Arctic Ships Past Halfway


Imagery date refers to Google Earth capture of land forms. Ice extent is for August 27, 2016 from MASIE. Click to zoom in.

Today the tracking shows Northabout is in port at Barrow Alaska, having completed the North East Passage,and preparing for NWP. Serenity is ahead of them, soon to be in port at Cambridge Bay Nunavut.

The man in charge of Serenity, Capt. Birger Vorland, has spent 38 years at sea. Vorland, who is originally from Norway, says the Northwest Passage has special meaning.

“My countryman, Roald Amundsen, did the first transit here between 1903 and 1906,” Vorland says. “We’re going to do it in 32 days and in a lot more comfort.”

The official record of transits through the North West Passage is kept at the Scott Polar Research Institute (here).  The listing begins with that first transit by Amundsen and provides details of the 236 crossings recorded through 2015.  13 ships passed through the NWP last year, and the highest number was 29 in 2013.

Cambridge Bay is partway through the NWP and will be home for the new Canadian High Arctic Research Station, pictured in the foreground above. The CHARS campus is expected to be operational in July of 2017 and fully complete by March of 2018.

The image also shows that the southern route through the Archipelago is mostly open water at this time, and the outlook is good for both Serenity and Northabout to achieve their itineraries. The most interesting section of the Nunavut gauntlet lie just ahead of Serenity’s position.

Arctic ice extents are declining as usual approaching the last 2-3 weeks of the annual melt season.  Estimates are fluctuating a lot due both to drift ice moving around, and also the difficulty of measuring under cloudy and darkening conditions.  The after effects of the recent sizable Arctic cyclone appear in the chart below.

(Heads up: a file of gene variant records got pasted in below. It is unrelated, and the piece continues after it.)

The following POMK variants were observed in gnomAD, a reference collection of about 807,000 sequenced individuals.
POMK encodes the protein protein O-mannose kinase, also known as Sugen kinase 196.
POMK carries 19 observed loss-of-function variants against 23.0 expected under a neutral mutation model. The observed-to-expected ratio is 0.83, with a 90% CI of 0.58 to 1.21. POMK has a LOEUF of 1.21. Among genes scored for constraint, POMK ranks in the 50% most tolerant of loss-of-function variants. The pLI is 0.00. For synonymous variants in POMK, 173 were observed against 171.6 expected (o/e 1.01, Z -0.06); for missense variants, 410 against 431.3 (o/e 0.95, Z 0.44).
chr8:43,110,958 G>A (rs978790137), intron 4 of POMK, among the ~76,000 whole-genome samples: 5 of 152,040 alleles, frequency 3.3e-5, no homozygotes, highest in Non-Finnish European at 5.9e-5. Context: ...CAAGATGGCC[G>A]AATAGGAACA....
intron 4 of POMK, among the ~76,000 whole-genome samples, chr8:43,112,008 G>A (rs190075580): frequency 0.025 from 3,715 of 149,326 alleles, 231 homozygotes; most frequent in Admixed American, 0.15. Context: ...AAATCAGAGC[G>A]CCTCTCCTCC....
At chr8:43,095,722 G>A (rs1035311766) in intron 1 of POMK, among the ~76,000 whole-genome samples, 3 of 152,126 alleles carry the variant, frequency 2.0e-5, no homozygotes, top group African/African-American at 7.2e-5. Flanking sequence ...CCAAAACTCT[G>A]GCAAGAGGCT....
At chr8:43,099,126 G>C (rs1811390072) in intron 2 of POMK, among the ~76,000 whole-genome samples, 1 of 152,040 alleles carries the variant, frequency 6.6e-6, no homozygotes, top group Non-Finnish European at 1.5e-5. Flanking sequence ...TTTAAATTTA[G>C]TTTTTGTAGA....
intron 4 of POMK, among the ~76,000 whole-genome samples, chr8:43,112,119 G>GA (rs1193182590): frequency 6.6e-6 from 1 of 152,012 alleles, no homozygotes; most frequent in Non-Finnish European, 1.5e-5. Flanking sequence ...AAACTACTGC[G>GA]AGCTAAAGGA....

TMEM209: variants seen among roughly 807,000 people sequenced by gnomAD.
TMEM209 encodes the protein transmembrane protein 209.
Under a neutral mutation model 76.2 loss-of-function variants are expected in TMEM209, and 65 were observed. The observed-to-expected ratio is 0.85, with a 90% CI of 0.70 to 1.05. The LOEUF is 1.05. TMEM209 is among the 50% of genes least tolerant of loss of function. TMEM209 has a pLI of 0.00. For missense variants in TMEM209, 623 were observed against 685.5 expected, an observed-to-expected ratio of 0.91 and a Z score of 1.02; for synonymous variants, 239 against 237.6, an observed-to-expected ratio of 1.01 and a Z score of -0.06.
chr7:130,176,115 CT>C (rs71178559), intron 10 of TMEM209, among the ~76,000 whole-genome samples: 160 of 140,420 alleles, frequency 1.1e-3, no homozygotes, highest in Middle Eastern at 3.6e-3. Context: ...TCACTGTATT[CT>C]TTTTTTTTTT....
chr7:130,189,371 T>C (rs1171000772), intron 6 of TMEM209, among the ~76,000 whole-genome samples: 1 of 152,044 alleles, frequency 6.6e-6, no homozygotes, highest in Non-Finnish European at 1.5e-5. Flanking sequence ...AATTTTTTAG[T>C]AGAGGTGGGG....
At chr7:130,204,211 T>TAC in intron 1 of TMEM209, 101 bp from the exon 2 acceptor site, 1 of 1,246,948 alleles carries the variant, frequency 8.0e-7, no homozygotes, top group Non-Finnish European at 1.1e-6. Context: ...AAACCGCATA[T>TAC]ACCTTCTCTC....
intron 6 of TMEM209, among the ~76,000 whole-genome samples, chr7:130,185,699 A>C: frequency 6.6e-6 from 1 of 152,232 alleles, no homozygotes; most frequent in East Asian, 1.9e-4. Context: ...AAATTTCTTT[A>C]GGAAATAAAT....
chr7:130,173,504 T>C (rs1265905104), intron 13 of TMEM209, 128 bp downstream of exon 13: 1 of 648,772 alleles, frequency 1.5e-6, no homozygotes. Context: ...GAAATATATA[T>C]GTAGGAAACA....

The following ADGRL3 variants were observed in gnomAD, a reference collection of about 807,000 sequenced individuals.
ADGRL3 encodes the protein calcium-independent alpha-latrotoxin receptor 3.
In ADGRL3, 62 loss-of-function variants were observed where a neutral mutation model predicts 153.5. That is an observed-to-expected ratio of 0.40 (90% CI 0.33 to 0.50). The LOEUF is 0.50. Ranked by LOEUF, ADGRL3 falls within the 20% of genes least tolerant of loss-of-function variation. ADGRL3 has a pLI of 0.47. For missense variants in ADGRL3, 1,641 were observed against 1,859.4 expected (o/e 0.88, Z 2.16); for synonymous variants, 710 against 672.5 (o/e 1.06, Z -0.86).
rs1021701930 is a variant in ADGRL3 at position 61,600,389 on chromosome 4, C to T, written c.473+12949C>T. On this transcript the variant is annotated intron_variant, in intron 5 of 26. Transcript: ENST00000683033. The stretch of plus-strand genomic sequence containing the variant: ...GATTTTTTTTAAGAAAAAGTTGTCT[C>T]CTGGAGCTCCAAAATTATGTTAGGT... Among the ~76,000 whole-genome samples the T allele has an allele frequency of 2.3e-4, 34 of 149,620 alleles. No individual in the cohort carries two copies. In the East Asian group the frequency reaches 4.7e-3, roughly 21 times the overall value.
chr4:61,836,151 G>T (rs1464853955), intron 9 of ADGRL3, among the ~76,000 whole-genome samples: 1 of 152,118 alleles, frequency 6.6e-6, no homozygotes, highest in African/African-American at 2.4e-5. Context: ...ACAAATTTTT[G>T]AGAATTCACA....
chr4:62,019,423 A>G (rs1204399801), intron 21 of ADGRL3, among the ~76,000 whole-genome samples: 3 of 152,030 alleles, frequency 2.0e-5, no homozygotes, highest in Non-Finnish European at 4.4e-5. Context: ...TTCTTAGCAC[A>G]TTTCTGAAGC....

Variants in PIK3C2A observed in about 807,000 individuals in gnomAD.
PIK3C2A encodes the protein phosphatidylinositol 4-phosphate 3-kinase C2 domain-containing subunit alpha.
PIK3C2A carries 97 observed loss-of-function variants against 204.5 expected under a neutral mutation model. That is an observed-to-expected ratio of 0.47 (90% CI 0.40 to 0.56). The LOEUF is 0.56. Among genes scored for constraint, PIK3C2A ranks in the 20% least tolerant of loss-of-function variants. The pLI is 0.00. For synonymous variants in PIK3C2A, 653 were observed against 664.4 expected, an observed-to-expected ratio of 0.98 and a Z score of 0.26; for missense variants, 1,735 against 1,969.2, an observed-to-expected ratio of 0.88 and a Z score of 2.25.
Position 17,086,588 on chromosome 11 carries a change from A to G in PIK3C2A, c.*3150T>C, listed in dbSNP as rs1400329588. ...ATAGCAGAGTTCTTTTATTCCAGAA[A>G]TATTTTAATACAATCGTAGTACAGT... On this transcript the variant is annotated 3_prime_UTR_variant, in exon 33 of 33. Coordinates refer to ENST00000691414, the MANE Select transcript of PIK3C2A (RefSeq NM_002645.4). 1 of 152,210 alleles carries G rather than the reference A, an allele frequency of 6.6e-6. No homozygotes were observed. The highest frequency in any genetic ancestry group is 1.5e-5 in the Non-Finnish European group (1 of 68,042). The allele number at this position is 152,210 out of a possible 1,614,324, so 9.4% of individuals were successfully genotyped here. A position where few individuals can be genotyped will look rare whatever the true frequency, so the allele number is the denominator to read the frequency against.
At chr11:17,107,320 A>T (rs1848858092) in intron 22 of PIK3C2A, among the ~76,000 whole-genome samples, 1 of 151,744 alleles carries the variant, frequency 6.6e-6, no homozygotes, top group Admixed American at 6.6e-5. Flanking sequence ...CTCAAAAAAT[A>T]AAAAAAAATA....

MASIE 2016 day240

The table below compares 2015 and 2016 at day 240.  This year is slightly lower, largely due to Beaufort Sea.  Losses elsewhere in Baffin Bay, Greenland Sea, Hudson Bay and E. Siberian are more than offset by surpluses in Chukchi, Laptev and Central Arctic.  Note that several seas that are down provide more open water for the ships exploring NWP this year.

Presently 2016 ice decline is running 3 days ahead of 2015.

Region 2016240 2015240 Difference
 (0) Northern_Hemisphere 4799401 4972160 -172759
 (1) Beaufort_Sea 325257 597329 -272072
 (2) Chukchi_Sea 418423 289433 128991
 (3) East_Siberian_Sea 237311 332785 -95474
 (4) Laptev_Sea 405208 81071 324137
 (5) Kara_Sea 28704 10133 18571
 (6) Barents_Sea 0 701 -701
 (7) Greenland_Sea 120256 207476 -87220
 (8) Baffin_Bay_Gulf_of_St._Lawrence 20965 140815 -119850
 (9) Canadian_Archipelago 258978 301788 -42810
 (10) Hudson_Bay 7308 67369 -60061
 (11) Central_Arctic 2976412 2942427 33984

For more context on Arctic ice extent see Arctic Ice Watch July 31.  For background on Polar Ocean Challenge see Laptev Wall and Nunavut Gauntlet.  For those who wish to browse Arctic ice in Google Earth, the procedure is simple.  Go to MASIE homepage and download the kmz file.  Clicking on the file should open it in Google Earth (presuming it is on your computer.) Then you can browse, zoom in and out, and take images.

Celebrity Serenity

I was once told by a fellow cruise passenger not to call our ship a boat.  He said in the Navy they knew if you were in a boat it meant something awful had happened to your ship.

The Good Ship Northabout






Leave a Reply

Fill in your details below or click an icon to log in: Logo

You are commenting using your account. Log Out /  Change )

Google photo

You are commenting using your Google account. Log Out /  Change )

Twitter picture

You are commenting using your Twitter account. Log Out /  Change )

Facebook photo

You are commenting using your Facebook account. Log Out /  Change )

Connecting to %s